Man claims city wanted him to pay red light tickets on stolen car

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What's worse than getting your car stolen? Being on the hook for red light camera tickets racked by the thieves that stole it. (WLS)

An ABC 7 I-Team Investigation
What's worse than getting your car stolen? Being on the hook for red light camera tickets racked up by the thieves that stole it.

The driver said it's a red light runaround. He emailed the I-Team after seeing their investigation with the Chicago Sun-Times into suburban red light cameras. He contested online, but still faced hundreds of dollars in tickets gotten while his car was stolen. So the I-Team got answers.

"The car was stolen, I wasn't in possession of it, I didn't make these offenses, I shouldn't be penalized for this," Antonio Reyes said.

Reyes' car was captured on red light camera footage, but Reyes wasn't driving it. A thief was. Reyes was responsible for $400 worth of Chicago red light camera tickets that the thief racked up blowing through lights.

"I was doing an Uber delivery in the morning," Reyes said. "There was a bunch of kids playing outside."

It was lunchtime in Cicero last February and Reyes was delivering food.

"I walked up the stairs, handed the person the food, and he pointed towards my car. I turned around and heard my car door slam, and there was this gentleman sitting in my car. So I screamed, 'Hey, that's my car,' and I started running towards the car, and that's when he smiled - the biggest smile in the world - and took off," he said.

Reyes filed a police report, which helped him get his car back after it was abandoned in Chicago a month later.

"I got the car back and did all the necessary repairs to it," he said.

Soon afterward, he received red light camera tickets in the mail from the City of Chicago and Matteson, Ill.

"It was when the car was stolen, so I went online (to Chicago's website) and contested everything; took pictures of all the tickets, of the police report, the badge number, the incident report number, and sent it all in," Reyes said. "Then I went to the Village of Matteson because they don't have that online program where you can contest them, and they didn't hesitate. They got rid of them."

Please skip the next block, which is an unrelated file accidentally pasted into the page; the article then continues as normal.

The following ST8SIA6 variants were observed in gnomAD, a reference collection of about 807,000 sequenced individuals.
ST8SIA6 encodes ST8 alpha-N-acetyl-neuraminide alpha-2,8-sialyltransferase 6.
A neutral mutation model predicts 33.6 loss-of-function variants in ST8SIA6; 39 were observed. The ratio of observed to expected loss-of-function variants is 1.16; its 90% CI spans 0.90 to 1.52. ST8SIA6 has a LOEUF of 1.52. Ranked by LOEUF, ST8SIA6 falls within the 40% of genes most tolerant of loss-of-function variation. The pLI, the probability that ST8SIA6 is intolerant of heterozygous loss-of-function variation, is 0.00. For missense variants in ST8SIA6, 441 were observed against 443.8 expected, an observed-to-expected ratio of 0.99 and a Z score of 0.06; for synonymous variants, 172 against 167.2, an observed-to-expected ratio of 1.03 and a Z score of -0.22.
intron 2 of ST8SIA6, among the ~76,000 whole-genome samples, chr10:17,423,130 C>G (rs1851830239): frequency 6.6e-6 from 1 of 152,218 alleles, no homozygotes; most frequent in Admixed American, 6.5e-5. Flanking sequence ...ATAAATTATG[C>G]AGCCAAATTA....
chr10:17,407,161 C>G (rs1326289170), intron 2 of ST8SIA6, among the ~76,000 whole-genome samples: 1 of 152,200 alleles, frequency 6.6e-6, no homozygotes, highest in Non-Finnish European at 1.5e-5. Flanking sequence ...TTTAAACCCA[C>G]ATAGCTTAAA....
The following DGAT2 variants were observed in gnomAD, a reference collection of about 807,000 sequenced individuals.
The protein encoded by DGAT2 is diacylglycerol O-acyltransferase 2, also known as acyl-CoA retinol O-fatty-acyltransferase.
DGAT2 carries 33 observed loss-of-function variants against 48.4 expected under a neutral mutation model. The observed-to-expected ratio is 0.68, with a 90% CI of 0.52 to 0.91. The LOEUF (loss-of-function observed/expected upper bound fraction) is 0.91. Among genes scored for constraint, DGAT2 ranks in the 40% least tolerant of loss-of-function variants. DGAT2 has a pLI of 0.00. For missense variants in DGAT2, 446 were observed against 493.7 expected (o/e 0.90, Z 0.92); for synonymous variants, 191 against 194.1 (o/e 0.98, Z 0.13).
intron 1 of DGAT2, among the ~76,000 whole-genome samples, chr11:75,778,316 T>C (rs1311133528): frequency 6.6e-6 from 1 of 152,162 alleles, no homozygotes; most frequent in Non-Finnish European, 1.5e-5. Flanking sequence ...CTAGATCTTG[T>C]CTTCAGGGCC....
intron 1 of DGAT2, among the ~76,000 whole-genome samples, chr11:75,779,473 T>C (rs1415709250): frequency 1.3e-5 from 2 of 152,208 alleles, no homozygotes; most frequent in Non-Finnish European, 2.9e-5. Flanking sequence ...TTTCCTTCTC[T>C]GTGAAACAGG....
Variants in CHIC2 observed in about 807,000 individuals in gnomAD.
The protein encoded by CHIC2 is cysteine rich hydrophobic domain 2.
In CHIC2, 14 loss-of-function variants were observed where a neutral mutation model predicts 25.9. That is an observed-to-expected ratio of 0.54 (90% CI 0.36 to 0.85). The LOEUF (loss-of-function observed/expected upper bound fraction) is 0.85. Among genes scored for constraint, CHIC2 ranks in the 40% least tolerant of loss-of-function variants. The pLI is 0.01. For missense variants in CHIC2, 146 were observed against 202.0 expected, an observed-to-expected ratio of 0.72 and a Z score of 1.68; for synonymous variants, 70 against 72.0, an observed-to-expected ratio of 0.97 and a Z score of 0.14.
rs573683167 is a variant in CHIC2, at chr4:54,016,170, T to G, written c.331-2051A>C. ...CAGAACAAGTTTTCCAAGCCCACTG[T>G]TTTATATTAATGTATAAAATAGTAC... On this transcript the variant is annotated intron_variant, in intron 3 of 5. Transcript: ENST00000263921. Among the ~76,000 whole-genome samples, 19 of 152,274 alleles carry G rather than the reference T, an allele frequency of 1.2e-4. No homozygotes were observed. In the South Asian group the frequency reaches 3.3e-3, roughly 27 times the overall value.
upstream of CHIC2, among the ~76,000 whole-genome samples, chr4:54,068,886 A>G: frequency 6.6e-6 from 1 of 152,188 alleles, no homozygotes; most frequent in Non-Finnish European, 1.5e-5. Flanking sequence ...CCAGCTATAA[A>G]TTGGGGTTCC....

But Chicago rejected Reyes' online challenge to the tickets and was holding him liable. Reyes then said he walked into Chicago's Department of Finance and got nowhere. So Reyes then contacted the I-Team after seeing the previous ABC7 and Sun-Times Investigation about red light cameras.

The I-Team asked the city what happened. The Chicago Department of Finance said Reyes didn't properly attach documents when he contested online, something with which he strongly disagrees.

Both parties agree that Reyes did supply a police report number, but the city said "administrative law judges" don't have access to police reports.

The city said, "Had Mr. Reyes provided a copy of the police report and documentation as to the recovery date, the Administrative Law Judge would have had evidence that the car theft happened during the dates in question and could have determined that these red light camera tickets should be dismissed."

"But if I have all the evidence and proof stating that the car was stolen, it's not in my possession, it's not my fault, I should not be penalized for it," Reyes said.

After the I-Team got involved, the city dropped the tickets.

The I-Team gave Reyes the good news that the city is dismissing the tickets. The city said when contesting tickets make sure you provide detailed information and upload all corresponding documents, and that listing a police report number is not sufficient evidence.

MORE RED LIGHT CAMERA CONTESTING TIPS FROM THE CITY OF CHICAGO

- Review the ticket notification carefully to ensure you understand the violation and know the date you must contest the violation by the date listed. All information on how to contest is listed on the back of the violation.
- Contest (by mail or in person) by the date listed on the violation mailed to you. Late submissions are not accepted. Please note that the City does not suggest that people contest violations in one way over another. Residents and motorists should contest in the fashion that is easiest for them, and regardless of how a violation is contested, they are all presided over and decided by an impartial, licensed attorney.
- Double check your contest submission before filing it with the Department of Administrative Hearings; make sure you provided as much description as possible and uploaded all corresponding documents. Simply listing a police report number is not sufficient evidence.
- Ensure you are utilizing valid reasons for contesting a violation. Below is a list of reasons a motorist can use to contest Red Light and Speed Camera.
- If you have questions regarding the Administrative Hearing process, visit https://www.cityofchicago.org/city/en/depts/ah.html or call 311 to be connected with Department of Administrative Hearings.

Related Topics:
newsI-Teamconsumerred light camerascar theftChicagoCiceroMatteson
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